U.S. House hopeful Walorski focuses on fiscal issues in RNC address
Posted: 08/29/2012 at 1:15 am
By: Tim Vandenack
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The former three-term Indiana state representative — vying for Indiana’s 2nd District seat in the U.S. House — sounded a fiscally austere message, focusing her remarks on efforts by state officials to trim spending and the importance of keeping government spending in check. She also spoke of the importance of working together in the political sphere, continuing with the more moderated tone that has marked the tea party-backed hopeful’s campaign this cycle.
She alluded to an apparent $1 billion deficit the state had to contend with during her years in the Indiana House and efforts by lawmakers to deal with the shortfall, as she does in one of her TV ads.
“When Indiana faced a massive budget shortfall, we didn’t play partisan games,” said Walorski, one of several GOP U.S. congressional candidates who spoke in Tampa on Tuesday. “We came together, we rolled up our sleeves and we turned a billion dollar deficit into a surplus. We understood that when you have a deficit, spending more money is not the solution.”
Brendan Mullen, her Democratic opponent, didn’t sit idly on the sidelines.
In a statement, his campaign manager, Andy Reynolds, decried what he said was Walorski’s refusal to debate.
“While career politician Jackie Walorski refuses to debate Brendan on issues that matter to Hoosiers, she apparently jumped at the chance to have her moment in the political spotlight,” Reynolds said. “Representative Jackie Walorski should come back and have the conversations voters deserve to hear and agree to a debate with Brendan.”
Mullen, a U.S. Army vet and owner of a small company, has said he’d debate on either of two October dates, as proposed by an Indiana University South Bend political scientist and the League of Women Voters in South Bend. A Walorski rep said earlier in the month that while Walorski is willing to debate, she won’t make a firm decision until all debate invites have been received.
Many critics view Walorski, with strong tea party support, as an ardent right-wing partisan, and some of her comments in years past seem to back up the charges. But in keeping with a seeming change in her demeanor, she spoke Tuesday of the importance of “working together” to resolve political problems.
Walorski’s remarks lasted about three minutes and came at around 3:30 p.m., not the coveted prime time slot reserved for the biggest GOP names. Several other congressional hopefuls from around the country, also alloted around three minutes, spoke before and after her.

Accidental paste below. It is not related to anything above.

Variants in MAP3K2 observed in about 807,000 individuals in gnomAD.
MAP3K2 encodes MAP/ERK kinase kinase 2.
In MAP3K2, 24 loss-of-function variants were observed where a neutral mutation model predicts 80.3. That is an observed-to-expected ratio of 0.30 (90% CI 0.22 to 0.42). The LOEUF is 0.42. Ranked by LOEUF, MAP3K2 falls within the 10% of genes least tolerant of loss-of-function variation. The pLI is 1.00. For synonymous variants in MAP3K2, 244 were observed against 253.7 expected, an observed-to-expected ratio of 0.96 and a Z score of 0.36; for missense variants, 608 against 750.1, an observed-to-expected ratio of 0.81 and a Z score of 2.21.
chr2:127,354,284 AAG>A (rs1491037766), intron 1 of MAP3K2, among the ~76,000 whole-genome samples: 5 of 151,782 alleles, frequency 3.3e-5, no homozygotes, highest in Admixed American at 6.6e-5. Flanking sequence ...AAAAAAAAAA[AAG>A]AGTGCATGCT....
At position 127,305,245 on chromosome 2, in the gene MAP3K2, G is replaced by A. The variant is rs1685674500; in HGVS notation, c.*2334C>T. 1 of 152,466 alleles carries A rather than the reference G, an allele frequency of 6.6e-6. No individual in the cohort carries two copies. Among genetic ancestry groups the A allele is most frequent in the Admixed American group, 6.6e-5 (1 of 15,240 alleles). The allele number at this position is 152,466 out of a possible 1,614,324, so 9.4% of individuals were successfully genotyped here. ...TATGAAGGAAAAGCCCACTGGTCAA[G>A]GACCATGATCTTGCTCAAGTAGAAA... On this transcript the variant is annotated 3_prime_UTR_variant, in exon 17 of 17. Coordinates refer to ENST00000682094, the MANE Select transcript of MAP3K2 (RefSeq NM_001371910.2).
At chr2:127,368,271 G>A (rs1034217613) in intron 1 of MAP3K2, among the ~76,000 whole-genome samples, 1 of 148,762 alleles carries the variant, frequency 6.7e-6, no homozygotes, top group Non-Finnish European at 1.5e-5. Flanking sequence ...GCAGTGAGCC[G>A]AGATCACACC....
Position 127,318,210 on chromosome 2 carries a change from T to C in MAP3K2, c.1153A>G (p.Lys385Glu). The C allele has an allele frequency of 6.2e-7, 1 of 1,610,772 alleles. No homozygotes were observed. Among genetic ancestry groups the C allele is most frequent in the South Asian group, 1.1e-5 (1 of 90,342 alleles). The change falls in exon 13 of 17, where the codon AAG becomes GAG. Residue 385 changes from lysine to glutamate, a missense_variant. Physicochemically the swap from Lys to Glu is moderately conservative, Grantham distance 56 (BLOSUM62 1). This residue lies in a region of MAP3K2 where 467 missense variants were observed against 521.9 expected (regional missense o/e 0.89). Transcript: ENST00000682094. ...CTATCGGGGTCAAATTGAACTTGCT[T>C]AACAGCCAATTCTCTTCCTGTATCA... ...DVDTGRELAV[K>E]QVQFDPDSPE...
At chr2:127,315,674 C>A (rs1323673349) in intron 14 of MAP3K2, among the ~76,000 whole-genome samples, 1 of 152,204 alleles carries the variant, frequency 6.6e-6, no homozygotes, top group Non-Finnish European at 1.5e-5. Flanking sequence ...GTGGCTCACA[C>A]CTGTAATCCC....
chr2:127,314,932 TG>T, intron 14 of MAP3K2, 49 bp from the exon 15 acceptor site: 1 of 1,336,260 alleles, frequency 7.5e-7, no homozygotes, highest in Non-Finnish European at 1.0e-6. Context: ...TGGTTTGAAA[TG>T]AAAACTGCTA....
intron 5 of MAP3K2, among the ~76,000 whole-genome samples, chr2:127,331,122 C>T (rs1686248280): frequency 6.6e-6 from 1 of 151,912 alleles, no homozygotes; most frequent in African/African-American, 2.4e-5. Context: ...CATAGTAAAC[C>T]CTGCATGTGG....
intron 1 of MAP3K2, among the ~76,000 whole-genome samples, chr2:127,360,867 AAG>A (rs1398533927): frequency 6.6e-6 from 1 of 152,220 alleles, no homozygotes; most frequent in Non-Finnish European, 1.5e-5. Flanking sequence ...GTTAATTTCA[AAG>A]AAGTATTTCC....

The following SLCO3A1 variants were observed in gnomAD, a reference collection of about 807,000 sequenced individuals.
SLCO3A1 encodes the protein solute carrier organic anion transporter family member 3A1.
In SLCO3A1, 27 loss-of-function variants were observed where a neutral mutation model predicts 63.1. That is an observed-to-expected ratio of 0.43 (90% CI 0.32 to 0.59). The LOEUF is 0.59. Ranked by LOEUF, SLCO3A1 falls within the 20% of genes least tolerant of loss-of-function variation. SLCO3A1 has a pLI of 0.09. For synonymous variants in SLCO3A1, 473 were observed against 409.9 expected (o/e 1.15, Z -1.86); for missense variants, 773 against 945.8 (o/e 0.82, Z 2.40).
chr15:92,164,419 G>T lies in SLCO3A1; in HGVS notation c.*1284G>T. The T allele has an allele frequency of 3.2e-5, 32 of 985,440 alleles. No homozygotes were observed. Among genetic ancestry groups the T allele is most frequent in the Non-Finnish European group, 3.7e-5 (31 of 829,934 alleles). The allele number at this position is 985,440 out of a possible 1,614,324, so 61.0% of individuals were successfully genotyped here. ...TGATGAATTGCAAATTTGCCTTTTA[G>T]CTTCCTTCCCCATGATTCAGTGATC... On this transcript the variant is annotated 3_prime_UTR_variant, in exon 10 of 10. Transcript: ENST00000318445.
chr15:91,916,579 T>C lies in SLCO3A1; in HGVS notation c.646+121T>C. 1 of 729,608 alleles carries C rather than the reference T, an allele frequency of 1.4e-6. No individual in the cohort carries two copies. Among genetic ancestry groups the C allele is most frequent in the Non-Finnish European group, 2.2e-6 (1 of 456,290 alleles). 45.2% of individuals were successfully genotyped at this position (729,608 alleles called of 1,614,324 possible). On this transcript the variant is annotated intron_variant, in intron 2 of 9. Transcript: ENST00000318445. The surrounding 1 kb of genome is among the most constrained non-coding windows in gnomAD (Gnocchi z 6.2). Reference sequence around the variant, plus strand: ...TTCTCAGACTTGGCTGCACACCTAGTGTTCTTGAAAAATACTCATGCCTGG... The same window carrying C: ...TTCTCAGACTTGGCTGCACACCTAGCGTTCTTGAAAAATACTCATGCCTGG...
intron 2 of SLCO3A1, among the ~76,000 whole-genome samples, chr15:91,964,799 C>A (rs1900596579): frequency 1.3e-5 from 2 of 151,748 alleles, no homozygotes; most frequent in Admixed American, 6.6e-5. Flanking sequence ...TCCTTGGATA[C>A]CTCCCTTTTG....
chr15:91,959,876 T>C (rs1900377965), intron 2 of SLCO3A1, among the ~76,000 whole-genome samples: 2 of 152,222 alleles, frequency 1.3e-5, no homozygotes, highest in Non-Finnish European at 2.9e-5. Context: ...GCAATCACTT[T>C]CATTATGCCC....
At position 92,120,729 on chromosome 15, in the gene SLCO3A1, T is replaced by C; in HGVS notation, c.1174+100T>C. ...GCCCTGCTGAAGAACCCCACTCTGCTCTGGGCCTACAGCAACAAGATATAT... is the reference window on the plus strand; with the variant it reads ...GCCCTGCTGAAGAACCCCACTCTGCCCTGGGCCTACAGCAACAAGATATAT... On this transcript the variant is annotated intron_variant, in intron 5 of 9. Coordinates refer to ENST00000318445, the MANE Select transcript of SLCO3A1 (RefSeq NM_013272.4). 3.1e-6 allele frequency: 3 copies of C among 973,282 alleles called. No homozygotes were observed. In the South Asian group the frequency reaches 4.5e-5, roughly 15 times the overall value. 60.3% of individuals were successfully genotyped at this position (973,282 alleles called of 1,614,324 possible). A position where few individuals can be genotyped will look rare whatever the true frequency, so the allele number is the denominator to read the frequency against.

Among other things, she also spoke out against increased government spending to deal with the down economy.
“In the face of record unemployment, (Indiana lawmakers) understood that more government spending will not create jobs,” Walorski said, again alluding to her years in the statehouse. “That’s why we passed common sense reforms that made it easier to do business — and create jobs — in our great state.”
More broadly, she spoke of the importance of cutting spending and reducing bureaucratic red tape to “unleash” small businesses, allowing them to create jobs.
Unlike some of the other congressional hopefuls who spoke Tuesday, Walorski made no mention of GOP presidential hopeful Mitt Romney. Likewise, though a social conservative, she didn’t touch on social issues. By and large, she kept her comments focused on Indiana and the lessons she thinks Washington lawmakers can draw from the state.
“Fellow Hoosiers, it’s your time to take back this country,” Walorski said.
The Democratic National Convention is set to start Sept. 3 in Charlotte, N.C., but Mullen won’t be there.
In attending the Republican convention in Tampa, “Walorski sought out the most partisan event in politics,” said Reynolds. “In contrast, Mullen will not be attending the Democratic National Convention.”
Libertarian Joe Ruiz of Mishawaka is also running for the 2nd District seat.